Project Update (January 29, 2016): This project’s final discussion report, Freshwater For The Future (32 pages/841 KB), is now available to view online or download. To view online, click on the cover image to the right. To download a PDF copy, click on the preceding text link or on the blue button in the sidebar to the right.
Water, water, not everywhere… and maybe soon not a drop fit to drink. Water issues present a convergence of issues relating to population, where and how we live, how we have modified our environment, and how we produce our food, fiber, energy, and material goods. Water has been one of our primary “commons” and here in the United States has often been treated as an inexhaustible resource. Environmental indicators suggest that era is coming to an end. Water is worth discussing now as an issue that promises to be ever more prominent in the coming years.
This project will explore the public policy possibilities surrounding the issue of freshwater. We will examine how regulation, supply, and access to water shape our lives, vitality of cities, international relationships, and sense of stewardship of the planet. The various dimensions of water will include, but are not limited to: access to water, water as a natural right, riparian water rights, regulation of water supply, water as habitat (inland fisheries, biological reserves), water as security (local, national, human, food), agriculture, health of aquifers, clean water as key to public health, and water as component of community and economic development.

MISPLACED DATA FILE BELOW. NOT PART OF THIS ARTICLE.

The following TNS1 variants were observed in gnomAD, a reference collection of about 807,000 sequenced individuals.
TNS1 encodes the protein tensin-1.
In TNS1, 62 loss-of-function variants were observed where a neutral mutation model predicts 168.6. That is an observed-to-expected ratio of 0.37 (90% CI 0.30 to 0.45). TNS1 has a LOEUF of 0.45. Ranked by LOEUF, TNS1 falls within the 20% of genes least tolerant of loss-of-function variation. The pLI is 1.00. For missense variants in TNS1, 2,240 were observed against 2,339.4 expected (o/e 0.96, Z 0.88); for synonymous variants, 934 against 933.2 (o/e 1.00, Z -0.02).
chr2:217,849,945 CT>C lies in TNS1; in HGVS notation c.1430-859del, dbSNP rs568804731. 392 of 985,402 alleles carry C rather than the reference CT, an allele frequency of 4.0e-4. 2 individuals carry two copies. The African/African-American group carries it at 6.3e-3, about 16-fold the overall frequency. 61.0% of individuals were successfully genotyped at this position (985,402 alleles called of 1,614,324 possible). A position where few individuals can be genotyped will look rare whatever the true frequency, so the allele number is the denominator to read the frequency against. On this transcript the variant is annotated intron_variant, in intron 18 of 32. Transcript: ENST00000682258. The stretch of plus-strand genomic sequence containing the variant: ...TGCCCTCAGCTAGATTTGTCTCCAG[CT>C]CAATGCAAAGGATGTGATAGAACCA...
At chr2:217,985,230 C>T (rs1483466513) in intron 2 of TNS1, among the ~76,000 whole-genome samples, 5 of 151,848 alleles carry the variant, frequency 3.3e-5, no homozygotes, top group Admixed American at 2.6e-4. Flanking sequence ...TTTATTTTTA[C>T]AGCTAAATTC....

Outside the parameters of this project are: maritime issues and law of the sea, naval security issues, water as energy source, and the physical public works of dams, levees, jetties, harbors, canals, aids to navigation, and so on—except insofar as they relate to the freshwater dimensions above.
Telling the Freshwater
Story in Pictures . . .
In this project we will explore the types of water needs we will have in the future. We will imagine the role that public policy might play in addressing these needs. Is access to water a natural right? Do we imagine a future where everyone has as much water as he or she needs? Do we imagine societies existing in
traditionally inhospitable, arid lands? Will conflict between nations proliferate due to water demands? Will climate change force us to rethink our relationship with water? Our decisions about water have far ranging impacts. Access to water affects where and how we live, the kind of environment we have around us, and the kinds of social and economic development we achieve. Access to water has had long standing implications for gender equality, health, and mobility. So what kinds of choices might we make when it comes to thinking about policies surrounding water?
This project launched in September, 2013. Shannon is exploring the dimensions of freshwater with an international panel that spans 4 continents via online discussion and Dennis is conducting in-person panel discussions in Madison, Wisconsin. The project hopes to build in other developmental and regional discussions, including some based in Georgia and Arizona. The project anticipates seeking and collaborating with partnership organizations open to widening the reach of the public discussions of the resulting report. For more information, please contact Dennis or Shannon.
Visit our Facebook group discussion page for this project: https://www.facebook.com/groups/430160193693666/